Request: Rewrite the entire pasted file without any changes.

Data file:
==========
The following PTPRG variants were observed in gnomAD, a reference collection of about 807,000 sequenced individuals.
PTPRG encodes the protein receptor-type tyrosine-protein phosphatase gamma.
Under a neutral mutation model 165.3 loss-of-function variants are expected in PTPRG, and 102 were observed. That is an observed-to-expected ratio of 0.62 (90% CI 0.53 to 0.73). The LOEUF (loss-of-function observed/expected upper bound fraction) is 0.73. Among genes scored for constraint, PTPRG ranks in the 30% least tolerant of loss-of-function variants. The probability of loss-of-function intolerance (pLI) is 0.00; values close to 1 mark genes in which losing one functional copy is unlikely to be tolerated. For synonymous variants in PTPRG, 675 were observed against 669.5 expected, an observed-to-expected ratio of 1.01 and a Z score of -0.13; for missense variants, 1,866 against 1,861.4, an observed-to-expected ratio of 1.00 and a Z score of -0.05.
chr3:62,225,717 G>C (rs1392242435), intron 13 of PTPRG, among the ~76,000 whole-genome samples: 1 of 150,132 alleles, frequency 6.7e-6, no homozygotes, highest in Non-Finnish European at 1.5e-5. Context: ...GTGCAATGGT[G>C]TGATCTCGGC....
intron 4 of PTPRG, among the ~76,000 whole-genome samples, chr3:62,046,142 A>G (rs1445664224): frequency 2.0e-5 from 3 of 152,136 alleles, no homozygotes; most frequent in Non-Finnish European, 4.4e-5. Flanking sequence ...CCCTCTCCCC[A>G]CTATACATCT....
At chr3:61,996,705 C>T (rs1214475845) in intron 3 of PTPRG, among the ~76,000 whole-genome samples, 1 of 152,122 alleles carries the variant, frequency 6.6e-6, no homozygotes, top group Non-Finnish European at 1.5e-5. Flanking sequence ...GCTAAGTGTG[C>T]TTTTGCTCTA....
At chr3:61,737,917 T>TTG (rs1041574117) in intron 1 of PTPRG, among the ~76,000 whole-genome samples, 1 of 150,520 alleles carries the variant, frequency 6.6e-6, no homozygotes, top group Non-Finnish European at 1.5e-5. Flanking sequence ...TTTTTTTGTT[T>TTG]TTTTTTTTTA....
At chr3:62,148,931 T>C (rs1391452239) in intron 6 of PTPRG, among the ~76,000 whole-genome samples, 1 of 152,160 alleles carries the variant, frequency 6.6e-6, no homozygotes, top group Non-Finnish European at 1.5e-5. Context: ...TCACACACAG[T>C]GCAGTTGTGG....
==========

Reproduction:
The following PTPRG variants were observed in gnomAD, a reference collection of about 807,000 sequenced individuals.
PTPRG encodes the protein receptor-type tyrosine-protein phosphatase gamma.
Under a neutral mutation model 165.3 loss-of-function variants are expected in PTPRG, and 102 were observed. That is an observed-to-expected ratio of 0.62 (90% CI 0.53 to 0.73). The LOEUF (loss-of-function observed/expected upper bound fraction) is 0.73. Among genes scored for constraint, PTPRG ranks in the 30% least tolerant of loss-of-function variants. The probability of loss-of-function intolerance (pLI) is 0.00; values close to 1 mark genes in which losing one functional copy is unlikely to be tolerated. For synonymous variants in PTPRG, 675 were observed against 669.5 expected, an observed-to-expected ratio of 1.01 and a Z score of -0.13; for missense variants, 1,866 against 1,861.4, an observed-to-expected ratio of 1.00 and a Z score of -0.05.
chr3:62,225,717 G>C (rs1392242435), intron 13 of PTPRG, among the ~76,000 whole-genome samples: 1 of 150,132 alleles, frequency 6.7e-6, no homozygotes, highest in Non-Finnish European at 1.5e-5. Context: ...GTGCAATGGT[G>C]TGATCTCGGC....
intron 4 of PTPRG, among the ~76,000 whole-genome samples, chr3:62,046,142 A>G (rs1445664224): frequency 2.0e-5 from 3 of 152,136 alleles, no homozygotes; most frequent in Non-Finnish European, 4.4e-5. Flanking sequence ...CCCTCTCCCC[A>G]CTATACATCT....
At chr3:61,996,705 C>T (rs1214475845) in intron 3 of PTPRG, among the ~76,000 whole-genome samples, 1 of 152,122 alleles carries the variant, frequency 6.6e-6, no homozygotes, top group Non-Finnish European at 1.5e-5. Flanking sequence ...GCTAAGTGTG[C>T]TTTTGCTCTA....
At chr3:61,737,917 T>TTG (rs1041574117) in intron 1 of PTPRG, among the ~76,000 whole-genome samples, 1 of 150,520 alleles carries the variant, frequency 6.6e-6, no homozygotes, top group Non-Finnish European at 1.5e-5. Flanking sequence ...TTTTTTTGTT[T>TTG]TTTTTTTTTA....
At chr3:62,148,931 T>C (rs1391452239) in intron 6 of PTPRG, among the ~76,000 whole-genome samples, 1 of 152,160 alleles carries the variant, frequency 6.6e-6, no homozygotes, top group Non-Finnish European at 1.5e-5. Context: ...TCACACACAG[T>C]GCAGTTGTGG....